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Posts tagged ‘Salafi’

Raymond Ibrahim: Blasphemy Charges Soar Against Christians in Egypt.

Raymond Ibrahim‘s Perspective: Dimyana Abdel-Nour a “pale, young Christian woman sat handcuffed in the courtroom, accused of insulting Islam while teaching history of religions to fourth-graders.” Her accusers are 10-year-old Muslim children who say she “showed disgust when she spoke of Islam in class.”

According to Islamic law, the word of inferior Christians cannot stand against that of superior Muslims — even if they are resentful or confused children.

Released on bail, Dimyana is unable to talk and “suffering a nervous breakdown.”

Criminalizing blasphemy was enshrined in the country’s Islamist-backed constitution that was adopted in December. Writers, activists and even a famous television comedian have been accused of blasphemy since then. But Christians seem to be the favorite target of Islamist prosecutors. Their fragile cases — the main basis of the case against Abdel-Nour’s case the testimony of children — are greeted with sympathy from courtroom judges with their own religious bias or who fear the wrath of Islamists, according to activists.

The result is a growing number of Egyptians, including many Christians, who have been convicted and sent to prison for blasphemy. Part of the Salafis’ antagonism toward Christians is rooted in the belief that they were a protected group under Mubarak’s regime while they, the Salafis, were persecuted.

Now empowered, they may be out to exact revenge on the Christians.

Indeed, before President Obama threw Hosni Mubarak under the bus in the name of “freedom” and “democracy,” Christians were at least legally protected. Muslim mobs were limited to lawless attacks on Christian churches and persons. But now that the Muslim Brotherhood and Salafis are in charge, Egypt’s Christians are now also experiencing legal persecution in the courtrooms, especially in the context of blasphemy.

The following cases of blasphemy laws targeting Christians, some of which were never reported in the West, represent a mere sampling of post “Arab Spring” Egypt. For many more such cases, including all around the Muslim world, see my new book Crucified Again: Exposing Islam’s New War on Christians (April, 2013, published by Regnery in cooperation with Gatestone Institute.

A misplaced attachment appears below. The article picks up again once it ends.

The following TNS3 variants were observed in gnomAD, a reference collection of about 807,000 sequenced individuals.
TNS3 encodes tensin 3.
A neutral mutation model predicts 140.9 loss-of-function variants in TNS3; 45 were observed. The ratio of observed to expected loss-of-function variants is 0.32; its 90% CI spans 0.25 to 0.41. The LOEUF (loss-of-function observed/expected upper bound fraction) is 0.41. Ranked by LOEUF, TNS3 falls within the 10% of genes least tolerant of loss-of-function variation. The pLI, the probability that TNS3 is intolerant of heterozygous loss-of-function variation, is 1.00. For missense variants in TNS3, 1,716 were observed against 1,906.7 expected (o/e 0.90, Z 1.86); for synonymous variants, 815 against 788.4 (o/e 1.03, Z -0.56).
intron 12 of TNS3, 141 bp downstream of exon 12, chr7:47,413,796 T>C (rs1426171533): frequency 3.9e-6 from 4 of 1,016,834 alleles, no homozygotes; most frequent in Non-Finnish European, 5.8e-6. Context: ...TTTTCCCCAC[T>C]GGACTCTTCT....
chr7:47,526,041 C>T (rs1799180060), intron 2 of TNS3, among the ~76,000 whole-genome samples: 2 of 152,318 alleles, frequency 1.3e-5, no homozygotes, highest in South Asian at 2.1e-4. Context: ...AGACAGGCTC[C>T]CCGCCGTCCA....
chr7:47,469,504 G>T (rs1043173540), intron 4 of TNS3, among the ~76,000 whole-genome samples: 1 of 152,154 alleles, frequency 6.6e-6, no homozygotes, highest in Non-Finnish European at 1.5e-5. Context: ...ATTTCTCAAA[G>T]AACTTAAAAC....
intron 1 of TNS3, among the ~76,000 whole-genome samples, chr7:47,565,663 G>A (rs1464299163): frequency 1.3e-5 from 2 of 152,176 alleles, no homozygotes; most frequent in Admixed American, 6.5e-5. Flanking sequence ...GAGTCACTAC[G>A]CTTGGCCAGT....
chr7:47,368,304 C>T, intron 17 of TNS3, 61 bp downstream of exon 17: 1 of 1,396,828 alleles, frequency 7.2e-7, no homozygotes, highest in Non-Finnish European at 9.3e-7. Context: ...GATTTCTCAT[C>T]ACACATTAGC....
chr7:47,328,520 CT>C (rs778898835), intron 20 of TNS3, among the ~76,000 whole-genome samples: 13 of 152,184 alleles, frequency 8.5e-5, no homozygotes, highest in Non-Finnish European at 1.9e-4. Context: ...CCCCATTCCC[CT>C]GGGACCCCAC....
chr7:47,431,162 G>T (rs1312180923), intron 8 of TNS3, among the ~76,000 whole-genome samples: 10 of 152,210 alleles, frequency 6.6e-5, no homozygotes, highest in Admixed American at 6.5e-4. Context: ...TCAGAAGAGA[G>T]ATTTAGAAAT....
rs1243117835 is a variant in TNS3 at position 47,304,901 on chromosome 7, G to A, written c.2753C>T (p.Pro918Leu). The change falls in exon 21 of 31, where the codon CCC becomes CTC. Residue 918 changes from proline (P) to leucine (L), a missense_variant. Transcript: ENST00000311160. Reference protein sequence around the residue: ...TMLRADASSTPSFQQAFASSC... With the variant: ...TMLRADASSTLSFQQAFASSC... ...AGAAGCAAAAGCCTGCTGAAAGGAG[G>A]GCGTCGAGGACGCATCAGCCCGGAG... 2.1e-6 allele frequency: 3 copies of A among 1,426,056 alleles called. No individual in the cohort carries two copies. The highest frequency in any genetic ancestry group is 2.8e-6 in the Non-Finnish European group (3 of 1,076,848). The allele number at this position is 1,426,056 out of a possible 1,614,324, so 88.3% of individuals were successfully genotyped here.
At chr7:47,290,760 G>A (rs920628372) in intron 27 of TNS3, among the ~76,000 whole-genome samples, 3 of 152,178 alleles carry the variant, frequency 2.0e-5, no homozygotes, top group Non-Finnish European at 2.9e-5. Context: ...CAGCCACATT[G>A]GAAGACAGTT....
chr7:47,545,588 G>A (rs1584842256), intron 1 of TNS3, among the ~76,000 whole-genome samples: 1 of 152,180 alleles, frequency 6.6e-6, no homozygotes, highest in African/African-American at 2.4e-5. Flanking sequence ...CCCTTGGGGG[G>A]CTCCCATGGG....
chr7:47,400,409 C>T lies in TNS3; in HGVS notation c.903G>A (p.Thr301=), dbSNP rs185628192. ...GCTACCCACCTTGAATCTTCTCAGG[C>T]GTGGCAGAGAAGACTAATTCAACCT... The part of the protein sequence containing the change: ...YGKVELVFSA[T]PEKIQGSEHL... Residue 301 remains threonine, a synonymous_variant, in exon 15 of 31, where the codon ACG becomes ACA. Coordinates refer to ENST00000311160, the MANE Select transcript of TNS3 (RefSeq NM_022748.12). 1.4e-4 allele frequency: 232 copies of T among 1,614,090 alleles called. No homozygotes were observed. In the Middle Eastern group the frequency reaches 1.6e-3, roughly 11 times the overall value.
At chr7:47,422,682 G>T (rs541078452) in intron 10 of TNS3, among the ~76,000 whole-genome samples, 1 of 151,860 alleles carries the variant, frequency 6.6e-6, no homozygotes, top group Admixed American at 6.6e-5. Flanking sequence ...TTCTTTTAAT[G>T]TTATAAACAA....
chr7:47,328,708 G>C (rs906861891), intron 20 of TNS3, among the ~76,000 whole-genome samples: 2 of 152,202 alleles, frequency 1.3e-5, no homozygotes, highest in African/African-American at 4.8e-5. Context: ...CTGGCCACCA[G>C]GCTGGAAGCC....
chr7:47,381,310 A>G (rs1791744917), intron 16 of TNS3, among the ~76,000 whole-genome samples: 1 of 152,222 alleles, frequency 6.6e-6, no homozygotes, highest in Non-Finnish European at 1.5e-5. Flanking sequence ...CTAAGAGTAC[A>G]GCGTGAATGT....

• In November 2012, an Egyptian court decreed that eight Christians living in America — seven native Egyptians, and one American, Pastor Terry Jones — be sent to Egypt and executed in connection with the 16-minute YouTube Muhammad video. The prosecution offered no real evidence against the Christians, most of whom deny any involvement, and instead relied on inciting Muslims against the accused by replaying the video in the courtroom.
  • Last September, 27-year-old Copt Albert Saber was accused of posting clips of the Muhammad movie — which he had actually downloaded from a Muslim site, not YouTube. Muslims attacked and evicted him and his mother from their home; he was arrested and is currently awaiting a multi-year sentence.
  • In March 2012, Makram Diab, a 49-year-old Christian, was sentenced in a 10-minute show trial to six years in prison for “insulting Muhammad.” He had gotten into a religious argument with a Muslim colleague, who went on to protest that Diab had offended the prophet. The judge doubled the sentence to appease an angry mob, 2,500 strong, which had surrounded the courtroom demanding Diab’s death.
  • In August 2012, Bishoy Kamil, a Copt in his 20s who worked as a teacher, was arrested and given six years in prison for posting cartoons deemed insulting to Islam and its prophet on Facebook. Like Diab, he was given more than double the maximum penalty to appease mob calls for his death.
  • In April 2012, Gamal Abdu Massud, a teenage Christian student, was sentenced to three years on accusations that he had posted a Muhammad cartoon on his Facebook account, which had only some 135 friends. Apparently the wrong “friend” saw it, for it was not long before local Muslims rioted, burning the Coptic teenager’s house as well as the homes of five other Christians.